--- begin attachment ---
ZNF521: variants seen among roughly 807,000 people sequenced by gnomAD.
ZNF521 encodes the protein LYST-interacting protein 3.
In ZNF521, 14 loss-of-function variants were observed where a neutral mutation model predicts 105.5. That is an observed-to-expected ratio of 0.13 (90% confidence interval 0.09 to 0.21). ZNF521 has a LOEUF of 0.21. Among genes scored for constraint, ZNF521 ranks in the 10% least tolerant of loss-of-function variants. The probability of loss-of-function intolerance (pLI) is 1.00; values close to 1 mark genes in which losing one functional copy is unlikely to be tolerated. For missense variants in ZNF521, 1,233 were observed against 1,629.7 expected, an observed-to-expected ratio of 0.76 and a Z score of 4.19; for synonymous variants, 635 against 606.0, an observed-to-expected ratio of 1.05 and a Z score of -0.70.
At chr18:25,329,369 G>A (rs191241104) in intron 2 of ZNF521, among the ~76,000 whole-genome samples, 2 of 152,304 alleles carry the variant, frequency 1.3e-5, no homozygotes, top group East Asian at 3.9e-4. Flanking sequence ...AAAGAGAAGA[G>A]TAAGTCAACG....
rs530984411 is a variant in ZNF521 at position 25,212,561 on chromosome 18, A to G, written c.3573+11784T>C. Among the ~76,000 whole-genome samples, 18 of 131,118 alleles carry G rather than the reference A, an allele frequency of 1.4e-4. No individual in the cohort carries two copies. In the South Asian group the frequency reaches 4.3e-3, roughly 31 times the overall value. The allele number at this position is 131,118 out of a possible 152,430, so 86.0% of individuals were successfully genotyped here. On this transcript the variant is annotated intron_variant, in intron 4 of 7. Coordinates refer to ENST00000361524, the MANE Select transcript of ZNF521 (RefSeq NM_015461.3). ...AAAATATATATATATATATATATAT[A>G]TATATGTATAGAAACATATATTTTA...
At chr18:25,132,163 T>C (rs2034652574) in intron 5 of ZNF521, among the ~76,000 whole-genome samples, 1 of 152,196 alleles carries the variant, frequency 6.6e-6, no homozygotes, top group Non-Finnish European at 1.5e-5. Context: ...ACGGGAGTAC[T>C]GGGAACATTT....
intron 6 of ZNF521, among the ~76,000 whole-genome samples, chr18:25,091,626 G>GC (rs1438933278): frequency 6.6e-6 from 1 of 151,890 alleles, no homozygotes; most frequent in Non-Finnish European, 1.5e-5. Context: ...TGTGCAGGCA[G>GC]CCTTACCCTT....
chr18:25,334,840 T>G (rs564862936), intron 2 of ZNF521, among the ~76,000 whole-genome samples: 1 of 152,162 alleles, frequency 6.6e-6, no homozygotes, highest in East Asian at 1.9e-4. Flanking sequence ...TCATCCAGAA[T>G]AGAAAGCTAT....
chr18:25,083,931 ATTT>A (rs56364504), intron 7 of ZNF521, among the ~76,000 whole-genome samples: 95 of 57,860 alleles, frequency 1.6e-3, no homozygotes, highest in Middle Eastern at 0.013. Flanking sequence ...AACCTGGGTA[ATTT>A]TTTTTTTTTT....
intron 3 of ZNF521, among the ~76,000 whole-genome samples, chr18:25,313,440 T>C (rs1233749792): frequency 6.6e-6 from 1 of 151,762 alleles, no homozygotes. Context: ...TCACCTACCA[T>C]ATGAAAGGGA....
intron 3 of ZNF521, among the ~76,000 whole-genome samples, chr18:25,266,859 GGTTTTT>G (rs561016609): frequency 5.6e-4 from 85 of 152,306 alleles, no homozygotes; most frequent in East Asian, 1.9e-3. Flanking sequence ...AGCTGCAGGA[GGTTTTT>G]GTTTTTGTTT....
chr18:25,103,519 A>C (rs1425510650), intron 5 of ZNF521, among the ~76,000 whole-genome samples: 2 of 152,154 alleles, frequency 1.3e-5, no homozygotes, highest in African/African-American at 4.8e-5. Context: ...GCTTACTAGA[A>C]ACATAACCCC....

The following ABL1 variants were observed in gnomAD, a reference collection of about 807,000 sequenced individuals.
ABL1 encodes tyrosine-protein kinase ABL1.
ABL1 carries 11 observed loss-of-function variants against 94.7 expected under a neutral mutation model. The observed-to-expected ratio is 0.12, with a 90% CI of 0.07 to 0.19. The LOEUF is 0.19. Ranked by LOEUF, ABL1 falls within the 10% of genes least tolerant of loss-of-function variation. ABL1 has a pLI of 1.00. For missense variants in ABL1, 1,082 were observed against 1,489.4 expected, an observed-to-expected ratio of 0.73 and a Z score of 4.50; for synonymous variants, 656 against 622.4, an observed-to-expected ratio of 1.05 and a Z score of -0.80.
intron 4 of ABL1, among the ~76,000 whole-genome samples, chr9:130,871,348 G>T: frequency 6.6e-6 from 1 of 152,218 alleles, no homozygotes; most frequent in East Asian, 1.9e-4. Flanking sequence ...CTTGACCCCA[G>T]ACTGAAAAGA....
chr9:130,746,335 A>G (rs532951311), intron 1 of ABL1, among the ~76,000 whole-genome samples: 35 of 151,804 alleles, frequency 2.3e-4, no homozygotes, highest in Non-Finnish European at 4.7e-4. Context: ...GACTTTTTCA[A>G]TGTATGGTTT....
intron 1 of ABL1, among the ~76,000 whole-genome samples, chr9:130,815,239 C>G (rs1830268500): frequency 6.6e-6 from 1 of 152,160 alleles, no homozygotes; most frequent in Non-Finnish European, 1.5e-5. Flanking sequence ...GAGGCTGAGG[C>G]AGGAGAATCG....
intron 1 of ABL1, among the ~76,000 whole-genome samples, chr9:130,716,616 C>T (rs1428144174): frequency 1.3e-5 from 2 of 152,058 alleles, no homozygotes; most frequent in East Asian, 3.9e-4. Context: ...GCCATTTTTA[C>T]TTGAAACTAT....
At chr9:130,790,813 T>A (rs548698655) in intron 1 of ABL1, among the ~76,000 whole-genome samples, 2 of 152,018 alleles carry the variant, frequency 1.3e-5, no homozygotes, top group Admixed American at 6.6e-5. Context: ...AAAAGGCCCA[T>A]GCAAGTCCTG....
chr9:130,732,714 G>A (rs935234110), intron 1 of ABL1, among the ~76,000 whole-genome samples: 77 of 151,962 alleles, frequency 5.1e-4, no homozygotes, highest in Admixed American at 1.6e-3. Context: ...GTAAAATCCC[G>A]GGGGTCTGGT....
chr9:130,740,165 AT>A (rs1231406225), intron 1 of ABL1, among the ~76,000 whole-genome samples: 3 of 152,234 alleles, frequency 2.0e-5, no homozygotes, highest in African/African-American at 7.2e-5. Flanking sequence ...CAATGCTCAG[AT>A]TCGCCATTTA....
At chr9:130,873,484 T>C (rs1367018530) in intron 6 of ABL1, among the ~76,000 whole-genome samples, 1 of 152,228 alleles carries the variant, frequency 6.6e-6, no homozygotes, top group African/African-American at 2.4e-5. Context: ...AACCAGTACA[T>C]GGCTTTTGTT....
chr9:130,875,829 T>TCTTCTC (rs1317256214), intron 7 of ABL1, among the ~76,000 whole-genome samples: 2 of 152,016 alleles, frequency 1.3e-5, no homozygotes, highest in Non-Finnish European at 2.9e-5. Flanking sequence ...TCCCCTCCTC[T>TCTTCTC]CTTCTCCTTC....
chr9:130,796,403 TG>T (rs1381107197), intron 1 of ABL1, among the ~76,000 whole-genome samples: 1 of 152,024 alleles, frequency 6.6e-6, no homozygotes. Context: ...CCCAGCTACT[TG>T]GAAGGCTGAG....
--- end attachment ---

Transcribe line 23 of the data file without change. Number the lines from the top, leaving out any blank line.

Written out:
At chr9:130,873,484 T>C (rs1367018530) in intron 6 of ABL1, among the ~76,000 whole-genome samples, 1 of 152,228 alleles carries the variant, frequency 6.6e-6, no homozygotes, top group African/African-American at 2.4e-5. Context: ...AACCAGTACA[T>C]GGCTTTTGTT....